Leaving Silicon Valley “Comfort” wasn’t on the list
There are 24 hours in a day, 365 days in a year, and only a certain number of years in a lifetime. That’s the biggest limiting factor we all have. The question of what we do with that time is up to each of us.
I had great work and even greater opportunity when I was living in California. I went to a great university, and had substantial work experience by the time I graduated. Just out of university, I started out with dream jobs (two part-time positions) in world-class institutions, one university and one top tech company.
I was starting to save some money and pay off my student loans. The next few years were looking quite stable and comfortable for me.
So I figured it was a perfect time to quit, leave Silicon Valley, and move to a transitioning country with a slowly improving post-war economy and a stagnant political system. Over the years I’ve reflected on what is important to me, and I’ve decided that I want to live a life of principle, value, love, experience, and contribution. “Comfort” wasn’t on the list, and I wasn’t excited about the idea of trying to do amazing things in an already amazing place. With only so many hours, days, and years in my life, I decided I didn’t want to spend my twenties climbing up the corporate or organizational ladder to do what I wanted to do. Better to take off, leave “comfort” and “predictability” behind, and go learn, experiment, do, and live.
Over the last 15 years, my core interests have been at the intersection between technology, media, activism, social change, and entrepreneurship. I decided to move to Lebanon in 2004 with two questions on my mind:
What could be done to accelerate positive social change, with a particular interest in the roles of innovation, creativity, and entrepreneurship? And second, what could I personally do to have an impact in that effort?
I spent a few years working as a consultant and journalist before defining the core approach I wanted to take (building community innovation and startup hubs) based on the two core issues I wanted to address:
1. Infrastructure: The challenges of space, facilities, tools, electricity, internet, laws and other factors that inhibit innovation and social enterprise.
2. Community: The lack of strong social networks and communities of practice, minimal collaboration, too much territorialism and negative competition, and too many creative, innovative, concerned people who felt alone and unsupported.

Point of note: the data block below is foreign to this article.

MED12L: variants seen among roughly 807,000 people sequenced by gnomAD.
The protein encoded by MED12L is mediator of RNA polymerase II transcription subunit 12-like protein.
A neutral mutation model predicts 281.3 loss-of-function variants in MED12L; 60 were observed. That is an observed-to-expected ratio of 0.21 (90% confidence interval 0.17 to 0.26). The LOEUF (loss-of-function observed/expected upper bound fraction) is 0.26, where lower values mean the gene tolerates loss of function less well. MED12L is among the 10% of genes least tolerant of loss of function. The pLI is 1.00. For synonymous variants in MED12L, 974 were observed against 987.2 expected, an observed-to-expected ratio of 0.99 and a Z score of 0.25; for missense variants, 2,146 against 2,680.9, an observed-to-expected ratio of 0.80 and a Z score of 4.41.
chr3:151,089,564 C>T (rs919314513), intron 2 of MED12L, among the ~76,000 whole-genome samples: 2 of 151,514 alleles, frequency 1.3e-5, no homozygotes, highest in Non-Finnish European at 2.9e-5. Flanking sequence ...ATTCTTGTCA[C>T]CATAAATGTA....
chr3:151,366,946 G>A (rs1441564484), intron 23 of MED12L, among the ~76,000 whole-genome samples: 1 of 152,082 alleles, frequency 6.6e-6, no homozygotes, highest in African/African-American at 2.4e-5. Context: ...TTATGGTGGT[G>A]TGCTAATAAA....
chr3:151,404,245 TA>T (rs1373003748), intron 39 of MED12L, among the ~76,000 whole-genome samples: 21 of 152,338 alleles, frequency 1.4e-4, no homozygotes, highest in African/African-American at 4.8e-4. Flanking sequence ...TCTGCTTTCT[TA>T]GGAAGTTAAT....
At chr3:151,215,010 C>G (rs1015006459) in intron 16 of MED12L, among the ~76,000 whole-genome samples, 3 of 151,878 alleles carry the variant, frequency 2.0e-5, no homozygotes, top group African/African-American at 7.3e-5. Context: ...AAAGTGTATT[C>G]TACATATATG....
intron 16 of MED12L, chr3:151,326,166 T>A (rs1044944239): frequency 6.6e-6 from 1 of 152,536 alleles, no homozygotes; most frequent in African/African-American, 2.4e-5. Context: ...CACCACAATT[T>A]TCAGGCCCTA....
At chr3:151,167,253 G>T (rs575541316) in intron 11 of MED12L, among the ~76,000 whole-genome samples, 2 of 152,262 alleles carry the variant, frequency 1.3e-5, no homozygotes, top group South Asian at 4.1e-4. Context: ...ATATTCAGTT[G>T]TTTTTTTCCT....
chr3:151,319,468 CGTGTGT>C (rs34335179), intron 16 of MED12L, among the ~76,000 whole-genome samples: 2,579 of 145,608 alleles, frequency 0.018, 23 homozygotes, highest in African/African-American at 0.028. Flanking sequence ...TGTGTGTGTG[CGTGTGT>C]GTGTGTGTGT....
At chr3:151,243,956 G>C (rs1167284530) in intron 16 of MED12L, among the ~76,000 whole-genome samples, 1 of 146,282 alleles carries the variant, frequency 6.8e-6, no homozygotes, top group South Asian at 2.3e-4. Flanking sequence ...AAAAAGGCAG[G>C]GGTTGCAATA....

This is what I’ve been working on for the past seven years. I’ve been learning, trying, implementing, failing, adapting, succeeding, growing, experimenting, failing, trying, succeeding, growing… wash, rinse, and repeat until you get the outcome you’re looking for.
One important outcome of that process has been AltCity. Three and a half years after entering a space with bullet holes on the walls, no electricity or functioning plumbing systems and broken windows, we are just about to finish the last part of the renovations and finally reach full utilization of the space. In those three and a half years we’ve held around 1000 events in the space, from small workshops and discussions to large-scale exhibits, conferences, and hackathons*. We’ve worked with hundreds of partner organizations, and have seen dozens of startup ideas emerge out of the events, workshops, and hackathons we’ve organized. We have regular coworkers and startups working at the space, plus a fantastic café. And we’re just getting started.
In the coming months we are launching large-scale startup programs around Lebanon, on and off university campuses, and are also part of a core startup ecosystem that is working to transform the startup landscape geared toward expanding opportunities for people to build and do amazing things in Lebanon.
So now I’ll knock the ball into your court. With only 24 hours in a day, 365 days in a year, and only a certain number of years in a lifetime, what is important to you in your life? What do you hope to achieve? How are you working to achieve it? Moreover, how can we at AltCity help you? We invite you to visit us online, write to us, or come visit us in Beirut.
*Hackathon: An event in which computer programmers, graphic designers, interface designers, and others collaborate intensively on software projects.